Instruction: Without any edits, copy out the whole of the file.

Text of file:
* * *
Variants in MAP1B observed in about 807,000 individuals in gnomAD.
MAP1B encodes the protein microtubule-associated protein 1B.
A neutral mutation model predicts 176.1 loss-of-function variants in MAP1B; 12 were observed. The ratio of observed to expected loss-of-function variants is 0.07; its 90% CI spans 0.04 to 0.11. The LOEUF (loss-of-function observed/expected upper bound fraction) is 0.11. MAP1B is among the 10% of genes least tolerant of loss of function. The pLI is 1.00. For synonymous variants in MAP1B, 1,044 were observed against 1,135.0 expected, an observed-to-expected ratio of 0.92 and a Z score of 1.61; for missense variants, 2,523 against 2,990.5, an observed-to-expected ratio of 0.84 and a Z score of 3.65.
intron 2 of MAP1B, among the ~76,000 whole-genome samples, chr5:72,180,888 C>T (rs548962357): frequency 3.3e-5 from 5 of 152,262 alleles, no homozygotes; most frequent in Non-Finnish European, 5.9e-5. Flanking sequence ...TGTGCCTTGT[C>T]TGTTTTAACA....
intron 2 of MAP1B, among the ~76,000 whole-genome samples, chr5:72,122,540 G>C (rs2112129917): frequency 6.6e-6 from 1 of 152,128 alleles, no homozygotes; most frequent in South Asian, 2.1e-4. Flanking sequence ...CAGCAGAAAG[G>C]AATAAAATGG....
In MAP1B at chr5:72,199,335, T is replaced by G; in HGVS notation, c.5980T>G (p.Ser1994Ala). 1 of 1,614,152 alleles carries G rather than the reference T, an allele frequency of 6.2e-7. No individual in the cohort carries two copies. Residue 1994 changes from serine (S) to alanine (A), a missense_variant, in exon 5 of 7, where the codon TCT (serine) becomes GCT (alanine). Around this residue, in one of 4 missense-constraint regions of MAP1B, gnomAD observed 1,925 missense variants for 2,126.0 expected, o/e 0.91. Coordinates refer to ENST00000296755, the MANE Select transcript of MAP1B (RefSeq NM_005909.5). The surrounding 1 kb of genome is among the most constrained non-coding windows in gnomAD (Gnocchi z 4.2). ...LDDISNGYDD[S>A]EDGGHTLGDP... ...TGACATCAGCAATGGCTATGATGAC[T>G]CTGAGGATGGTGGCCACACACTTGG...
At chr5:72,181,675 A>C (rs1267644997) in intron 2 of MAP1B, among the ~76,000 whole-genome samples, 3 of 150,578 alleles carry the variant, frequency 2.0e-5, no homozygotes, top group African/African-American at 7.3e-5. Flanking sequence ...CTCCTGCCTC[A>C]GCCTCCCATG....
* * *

Variants in MAP1B observed in about 807,000 individuals in gnomAD.
MAP1B encodes the protein microtubule-associated protein 1B.
A neutral mutation model predicts 176.1 loss-of-function variants in MAP1B; 12 were observed. The ratio of observed to expected loss-of-function variants is 0.07; its 90% CI spans 0.04 to 0.11. The LOEUF (loss-of-function observed/expected upper bound fraction) is 0.11. MAP1B is among the 10% of genes least tolerant of loss of function. The pLI is 1.00. For synonymous variants in MAP1B, 1,044 were observed against 1,135.0 expected, an observed-to-expected ratio of 0.92 and a Z score of 1.61; for missense variants, 2,523 against 2,990.5, an observed-to-expected ratio of 0.84 and a Z score of 3.65.
intron 2 of MAP1B, among the ~76,000 whole-genome samples, chr5:72,180,888 C>T (rs548962357): frequency 3.3e-5 from 5 of 152,262 alleles, no homozygotes; most frequent in Non-Finnish European, 5.9e-5. Flanking sequence ...TGTGCCTTGT[C>T]TGTTTTAACA....
intron 2 of MAP1B, among the ~76,000 whole-genome samples, chr5:72,122,540 G>C (rs2112129917): frequency 6.6e-6 from 1 of 152,128 alleles, no homozygotes; most frequent in South Asian, 2.1e-4. Flanking sequence ...CAGCAGAAAG[G>C]AATAAAATGG....
In MAP1B at chr5:72,199,335, T is replaced by G; in HGVS notation, c.5980T>G (p.Ser1994Ala). 1 of 1,614,152 alleles carries G rather than the reference T, an allele frequency of 6.2e-7. No individual in the cohort carries two copies. Residue 1994 changes from serine (S) to alanine (A), a missense_variant, in exon 5 of 7, where the codon TCT (serine) becomes GCT (alanine). Around this residue, in one of 4 missense-constraint regions of MAP1B, gnomAD observed 1,925 missense variants for 2,126.0 expected, o/e 0.91. Coordinates refer to ENST00000296755, the MANE Select transcript of MAP1B (RefSeq NM_005909.5). The surrounding 1 kb of genome is among the most constrained non-coding windows in gnomAD (Gnocchi z 4.2). ...LDDISNGYDD[S>A]EDGGHTLGDP... ...TGACATCAGCAATGGCTATGATGAC[T>G]CTGAGGATGGTGGCCACACACTTGG...
At chr5:72,181,675 A>C (rs1267644997) in intron 2 of MAP1B, among the ~76,000 whole-genome samples, 3 of 150,578 alleles carry the variant, frequency 2.0e-5, no homozygotes, top group African/African-American at 7.3e-5. Flanking sequence ...CTCCTGCCTC[A>C]GCCTCCCATG....